Banning HIV Organ Donation

HIV-infected organ donation could save lives

(RxWiki News) Researchers from Johns Hopkins believe that a law banning HIV patients from donating their organs to living HIV-positive patients is outdated.

If the ban were reversed, hundreds of HIV-positive patients who need an organ could get their transplant within months instead of years.

A law passed by Congress in the 1980s does not allowing people with HIV to become organ donors after they die. If this law were repealed, it is possible that organ transplants would be available to every HIV-positive patient on the waiting list, says Dorry L. Segev, M.D., Ph.D., an associate professor of surgery at the Johns Hopkins University School of Medicine.

In fact, repealing the law would not only help HIV-positive patients get the organs they need, but it also would free up space on the waiting list, making the wait shorter for patients without HIV infections.

"Reversing this organ donation ban will save lives."

Segev and colleagues wanted to find out the number of people who die each year in the U.S. who would be good organ donors except for being HIV-positive.

Depending on where the researchers found their data, there were around 500 deaths each year of HIV-positive people who would be suitable organ donors.

Segev believes that removing the ban will have immediate effects. Initially, there will be more HIV-infected organs than people who need them.

But as doctors start to realize that their HIV-positive patients don't have to wait years for a transplant, more patients will sign up for the shorter waiting list for HIV-infected organs.

There are some concerns about using HIV-infected organs. For example, some fear that an HIV-infected organ could be placed accidentally in someone who is HIV-negative.

Others are concerned that an infected organ could give an HIV-positive recipient a more aggressive form of the HIV virus.

However, in-depth testing of the organs before transplant will help avoid problems like these. We can also learn from what is already being done with hepatitis C-infected organs. These organs are always clearly labeled so as not to mix them up with non-infected organs.

Speaking generally of the need for more organ donors, Michelle Segovia of the Texas Organ Sharing Alliance says, "With more than 110,000 men, women and children awaiting a life saving transplant and 18 dying each day, researchers are looking for options to help solve the critical organ shortage."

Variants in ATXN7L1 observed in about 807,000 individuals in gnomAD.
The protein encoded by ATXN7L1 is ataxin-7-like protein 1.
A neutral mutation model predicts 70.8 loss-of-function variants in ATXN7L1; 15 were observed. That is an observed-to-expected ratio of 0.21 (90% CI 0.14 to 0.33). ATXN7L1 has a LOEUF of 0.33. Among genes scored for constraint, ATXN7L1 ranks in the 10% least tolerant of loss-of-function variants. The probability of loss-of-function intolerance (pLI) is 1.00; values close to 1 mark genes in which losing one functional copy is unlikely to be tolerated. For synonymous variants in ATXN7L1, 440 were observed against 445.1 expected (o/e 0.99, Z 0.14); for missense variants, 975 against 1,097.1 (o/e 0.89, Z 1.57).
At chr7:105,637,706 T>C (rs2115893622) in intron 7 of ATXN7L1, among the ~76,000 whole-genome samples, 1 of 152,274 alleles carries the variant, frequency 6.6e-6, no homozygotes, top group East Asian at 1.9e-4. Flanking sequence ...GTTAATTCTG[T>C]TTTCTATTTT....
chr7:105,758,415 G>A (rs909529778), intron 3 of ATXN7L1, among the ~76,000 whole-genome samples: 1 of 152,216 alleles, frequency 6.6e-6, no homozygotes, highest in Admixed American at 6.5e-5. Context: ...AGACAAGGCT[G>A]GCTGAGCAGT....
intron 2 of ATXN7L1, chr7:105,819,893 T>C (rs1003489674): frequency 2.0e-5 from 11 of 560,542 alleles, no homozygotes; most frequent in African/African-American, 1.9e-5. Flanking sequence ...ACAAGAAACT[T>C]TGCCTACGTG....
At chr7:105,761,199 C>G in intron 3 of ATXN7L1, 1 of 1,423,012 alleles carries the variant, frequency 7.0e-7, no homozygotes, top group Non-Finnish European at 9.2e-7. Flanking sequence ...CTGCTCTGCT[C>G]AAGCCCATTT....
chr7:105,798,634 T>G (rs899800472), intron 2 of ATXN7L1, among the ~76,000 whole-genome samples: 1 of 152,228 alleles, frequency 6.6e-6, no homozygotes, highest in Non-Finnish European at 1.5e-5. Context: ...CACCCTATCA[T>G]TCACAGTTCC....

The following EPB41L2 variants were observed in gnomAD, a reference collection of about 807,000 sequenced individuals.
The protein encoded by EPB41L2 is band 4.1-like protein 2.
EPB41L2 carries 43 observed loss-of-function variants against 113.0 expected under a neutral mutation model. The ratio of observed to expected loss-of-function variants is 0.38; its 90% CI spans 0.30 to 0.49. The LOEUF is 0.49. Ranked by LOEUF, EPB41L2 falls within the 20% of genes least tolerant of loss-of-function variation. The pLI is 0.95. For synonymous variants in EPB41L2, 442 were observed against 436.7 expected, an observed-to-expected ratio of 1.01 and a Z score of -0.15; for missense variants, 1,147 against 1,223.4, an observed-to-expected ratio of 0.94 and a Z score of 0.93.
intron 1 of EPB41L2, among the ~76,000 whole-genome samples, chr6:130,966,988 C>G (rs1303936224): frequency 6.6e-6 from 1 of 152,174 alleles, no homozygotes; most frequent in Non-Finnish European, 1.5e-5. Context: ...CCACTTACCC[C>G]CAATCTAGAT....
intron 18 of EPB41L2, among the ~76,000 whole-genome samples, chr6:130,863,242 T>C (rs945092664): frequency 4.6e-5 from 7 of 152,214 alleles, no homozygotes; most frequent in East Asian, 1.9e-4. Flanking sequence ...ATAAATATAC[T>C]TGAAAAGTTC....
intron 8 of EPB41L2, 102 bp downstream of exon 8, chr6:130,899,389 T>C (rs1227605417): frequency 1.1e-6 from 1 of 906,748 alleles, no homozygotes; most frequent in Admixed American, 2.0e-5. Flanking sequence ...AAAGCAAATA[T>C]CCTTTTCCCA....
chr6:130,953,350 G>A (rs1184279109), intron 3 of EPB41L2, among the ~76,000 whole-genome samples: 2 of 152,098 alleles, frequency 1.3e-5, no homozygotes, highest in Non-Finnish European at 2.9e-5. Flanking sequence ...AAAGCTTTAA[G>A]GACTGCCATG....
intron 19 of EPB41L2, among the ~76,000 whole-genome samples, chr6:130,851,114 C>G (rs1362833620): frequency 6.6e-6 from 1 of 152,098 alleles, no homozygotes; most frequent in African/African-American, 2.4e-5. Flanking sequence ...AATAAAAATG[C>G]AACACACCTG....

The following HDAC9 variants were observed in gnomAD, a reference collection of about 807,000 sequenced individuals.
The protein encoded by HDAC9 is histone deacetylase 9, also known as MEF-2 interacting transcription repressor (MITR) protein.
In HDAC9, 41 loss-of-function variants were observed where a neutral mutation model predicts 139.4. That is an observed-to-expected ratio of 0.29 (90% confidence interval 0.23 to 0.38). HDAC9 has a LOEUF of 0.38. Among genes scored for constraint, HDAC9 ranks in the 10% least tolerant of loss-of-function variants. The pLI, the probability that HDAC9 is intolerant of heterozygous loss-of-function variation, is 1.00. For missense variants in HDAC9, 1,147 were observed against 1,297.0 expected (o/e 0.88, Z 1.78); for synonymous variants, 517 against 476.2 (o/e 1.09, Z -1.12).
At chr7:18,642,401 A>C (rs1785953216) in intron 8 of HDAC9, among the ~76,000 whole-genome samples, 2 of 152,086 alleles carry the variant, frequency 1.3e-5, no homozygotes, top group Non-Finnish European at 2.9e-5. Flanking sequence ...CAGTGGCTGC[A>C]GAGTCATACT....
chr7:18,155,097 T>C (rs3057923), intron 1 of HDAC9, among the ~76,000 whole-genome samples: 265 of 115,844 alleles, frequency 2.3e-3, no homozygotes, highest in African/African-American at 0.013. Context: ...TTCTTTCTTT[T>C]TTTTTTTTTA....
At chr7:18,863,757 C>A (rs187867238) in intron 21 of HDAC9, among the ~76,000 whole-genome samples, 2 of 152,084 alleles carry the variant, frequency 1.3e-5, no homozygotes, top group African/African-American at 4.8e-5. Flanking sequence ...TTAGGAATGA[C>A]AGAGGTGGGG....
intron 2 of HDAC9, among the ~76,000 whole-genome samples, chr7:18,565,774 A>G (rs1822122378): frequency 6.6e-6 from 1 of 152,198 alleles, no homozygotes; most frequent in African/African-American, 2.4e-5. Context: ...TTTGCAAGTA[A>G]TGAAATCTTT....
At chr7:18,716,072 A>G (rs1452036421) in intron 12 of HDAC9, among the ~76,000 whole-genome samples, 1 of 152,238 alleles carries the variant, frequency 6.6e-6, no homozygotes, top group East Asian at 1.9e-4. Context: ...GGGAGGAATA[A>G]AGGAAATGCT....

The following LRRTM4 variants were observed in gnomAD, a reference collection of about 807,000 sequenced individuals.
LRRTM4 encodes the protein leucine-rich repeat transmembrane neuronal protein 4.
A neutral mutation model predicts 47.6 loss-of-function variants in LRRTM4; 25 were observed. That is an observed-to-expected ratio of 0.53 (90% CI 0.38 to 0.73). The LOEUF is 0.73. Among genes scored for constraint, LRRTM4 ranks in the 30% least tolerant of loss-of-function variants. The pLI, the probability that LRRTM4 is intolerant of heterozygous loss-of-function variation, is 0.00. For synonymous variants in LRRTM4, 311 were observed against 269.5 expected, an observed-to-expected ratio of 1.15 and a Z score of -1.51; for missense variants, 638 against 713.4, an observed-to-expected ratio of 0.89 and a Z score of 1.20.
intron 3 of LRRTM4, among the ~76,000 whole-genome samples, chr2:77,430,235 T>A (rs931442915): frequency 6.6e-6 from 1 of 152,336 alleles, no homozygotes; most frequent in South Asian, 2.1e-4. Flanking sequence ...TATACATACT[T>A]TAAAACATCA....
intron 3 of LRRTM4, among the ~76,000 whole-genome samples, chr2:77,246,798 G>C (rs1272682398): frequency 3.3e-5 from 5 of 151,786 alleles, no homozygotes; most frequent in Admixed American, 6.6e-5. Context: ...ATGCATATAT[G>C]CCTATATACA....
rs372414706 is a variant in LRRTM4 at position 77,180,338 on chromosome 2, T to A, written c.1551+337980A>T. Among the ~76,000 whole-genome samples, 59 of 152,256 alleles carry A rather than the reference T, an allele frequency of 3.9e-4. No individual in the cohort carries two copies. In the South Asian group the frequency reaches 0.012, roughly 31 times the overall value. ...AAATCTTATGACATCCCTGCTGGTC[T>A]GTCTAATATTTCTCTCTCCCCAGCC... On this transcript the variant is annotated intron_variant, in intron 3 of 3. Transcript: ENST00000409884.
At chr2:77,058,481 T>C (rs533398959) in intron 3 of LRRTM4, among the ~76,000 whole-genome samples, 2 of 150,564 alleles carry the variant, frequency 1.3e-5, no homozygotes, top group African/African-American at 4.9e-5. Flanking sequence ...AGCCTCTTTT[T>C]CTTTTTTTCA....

Please help save lives by registering to be an organ donor. You can find your state’s registry at

Currently in the United States, an estimated 1.1 million people are infected with HIV (Human immunodeficiency virus), the virus that causes AIDS (acquired immune deficiency syndrome). HIV is transmitted through sexual contact of bodily fluids (blood, semen) with mucus membranes (oral, vaginal, anal), and the introduction of infected blood products into the bloodstream (commonly sharing intravenous needles, less commonly blood transfusions). Mothers with HIV transmit the infection to their child in utero about 25% of the time in the absence of treatment. Early infection with HIV may produce flu-like symptoms of fever, nausea and vomiting, headache, and fatigue, then disappear. HIV may take up to ten years to progress to AIDS. The virus destroys CD4+ white blood cells and opens the body up to diseases and infections that the body would normally be able to fight off (pneumocystis pneumonia, cytomegalovirus, fungal infections, toxoplasmosis) and rare cancers (Kaposi's sarcoma, Burkitt's lymphoma, primary lymphoma in the brain). Diagnosis of HIV is made by a simple blood test, and AIDS is diagnosed by a CD4+ count of less than 200/microliter (normal is 500-1500). Treatment of HIV is called highly active anti-retroviral therapy (HAART) and includes hundreds of options to stop the replication of the HIV virus (Zidovudine, Lamivudine, Tenofovir, Efavirenz, Kaletra, Reyataz)

The Johns Hopkins study appears online in the American Journal of Transplantation

Review Date: 
March 30, 2011